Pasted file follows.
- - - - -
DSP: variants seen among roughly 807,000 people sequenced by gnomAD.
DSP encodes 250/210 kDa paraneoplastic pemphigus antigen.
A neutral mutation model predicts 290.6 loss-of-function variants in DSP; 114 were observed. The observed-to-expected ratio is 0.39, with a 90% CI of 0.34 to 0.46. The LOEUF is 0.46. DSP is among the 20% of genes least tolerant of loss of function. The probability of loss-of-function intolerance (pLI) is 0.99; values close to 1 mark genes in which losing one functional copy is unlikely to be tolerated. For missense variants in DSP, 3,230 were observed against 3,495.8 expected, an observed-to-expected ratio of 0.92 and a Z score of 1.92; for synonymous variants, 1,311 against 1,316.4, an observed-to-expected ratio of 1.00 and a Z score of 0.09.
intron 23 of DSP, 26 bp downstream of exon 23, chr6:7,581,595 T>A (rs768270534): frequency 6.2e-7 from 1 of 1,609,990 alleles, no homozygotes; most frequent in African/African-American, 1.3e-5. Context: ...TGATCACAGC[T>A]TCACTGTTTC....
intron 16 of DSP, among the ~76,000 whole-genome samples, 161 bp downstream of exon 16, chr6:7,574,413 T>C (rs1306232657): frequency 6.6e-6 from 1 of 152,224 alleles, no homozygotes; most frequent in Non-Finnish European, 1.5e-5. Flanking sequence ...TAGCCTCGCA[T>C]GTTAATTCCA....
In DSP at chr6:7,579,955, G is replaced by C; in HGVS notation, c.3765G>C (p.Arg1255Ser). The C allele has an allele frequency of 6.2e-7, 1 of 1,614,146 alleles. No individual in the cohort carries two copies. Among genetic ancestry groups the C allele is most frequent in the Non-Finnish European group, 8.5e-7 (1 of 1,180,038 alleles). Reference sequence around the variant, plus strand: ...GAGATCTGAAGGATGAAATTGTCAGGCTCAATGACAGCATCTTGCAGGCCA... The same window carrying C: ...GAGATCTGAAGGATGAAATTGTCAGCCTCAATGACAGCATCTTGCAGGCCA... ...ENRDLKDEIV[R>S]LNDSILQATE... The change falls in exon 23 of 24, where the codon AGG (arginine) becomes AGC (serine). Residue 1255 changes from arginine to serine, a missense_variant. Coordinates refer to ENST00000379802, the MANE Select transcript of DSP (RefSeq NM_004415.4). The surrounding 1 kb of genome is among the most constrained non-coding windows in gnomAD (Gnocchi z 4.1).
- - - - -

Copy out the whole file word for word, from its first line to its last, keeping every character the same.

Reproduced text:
DSP: variants seen among roughly 807,000 people sequenced by gnomAD.
DSP encodes 250/210 kDa paraneoplastic pemphigus antigen.
A neutral mutation model predicts 290.6 loss-of-function variants in DSP; 114 were observed. The observed-to-expected ratio is 0.39, with a 90% CI of 0.34 to 0.46. The LOEUF is 0.46. DSP is among the 20% of genes least tolerant of loss of function. The probability of loss-of-function intolerance (pLI) is 0.99; values close to 1 mark genes in which losing one functional copy is unlikely to be tolerated. For missense variants in DSP, 3,230 were observed against 3,495.8 expected, an observed-to-expected ratio of 0.92 and a Z score of 1.92; for synonymous variants, 1,311 against 1,316.4, an observed-to-expected ratio of 1.00 and a Z score of 0.09.
intron 23 of DSP, 26 bp downstream of exon 23, chr6:7,581,595 T>A (rs768270534): frequency 6.2e-7 from 1 of 1,609,990 alleles, no homozygotes; most frequent in African/African-American, 1.3e-5. Context: ...TGATCACAGC[T>A]TCACTGTTTC....
intron 16 of DSP, among the ~76,000 whole-genome samples, 161 bp downstream of exon 16, chr6:7,574,413 T>C (rs1306232657): frequency 6.6e-6 from 1 of 152,224 alleles, no homozygotes; most frequent in Non-Finnish European, 1.5e-5. Flanking sequence ...TAGCCTCGCA[T>C]GTTAATTCCA....
In DSP at chr6:7,579,955, G is replaced by C; in HGVS notation, c.3765G>C (p.Arg1255Ser). The C allele has an allele frequency of 6.2e-7, 1 of 1,614,146 alleles. No individual in the cohort carries two copies. Among genetic ancestry groups the C allele is most frequent in the Non-Finnish European group, 8.5e-7 (1 of 1,180,038 alleles). Reference sequence around the variant, plus strand: ...GAGATCTGAAGGATGAAATTGTCAGGCTCAATGACAGCATCTTGCAGGCCA... The same window carrying C: ...GAGATCTGAAGGATGAAATTGTCAGCCTCAATGACAGCATCTTGCAGGCCA... ...ENRDLKDEIV[R>S]LNDSILQATE... The change falls in exon 23 of 24, where the codon AGG (arginine) becomes AGC (serine). Residue 1255 changes from arginine to serine, a missense_variant. Coordinates refer to ENST00000379802, the MANE Select transcript of DSP (RefSeq NM_004415.4). The surrounding 1 kb of genome is among the most constrained non-coding windows in gnomAD (Gnocchi z 4.1).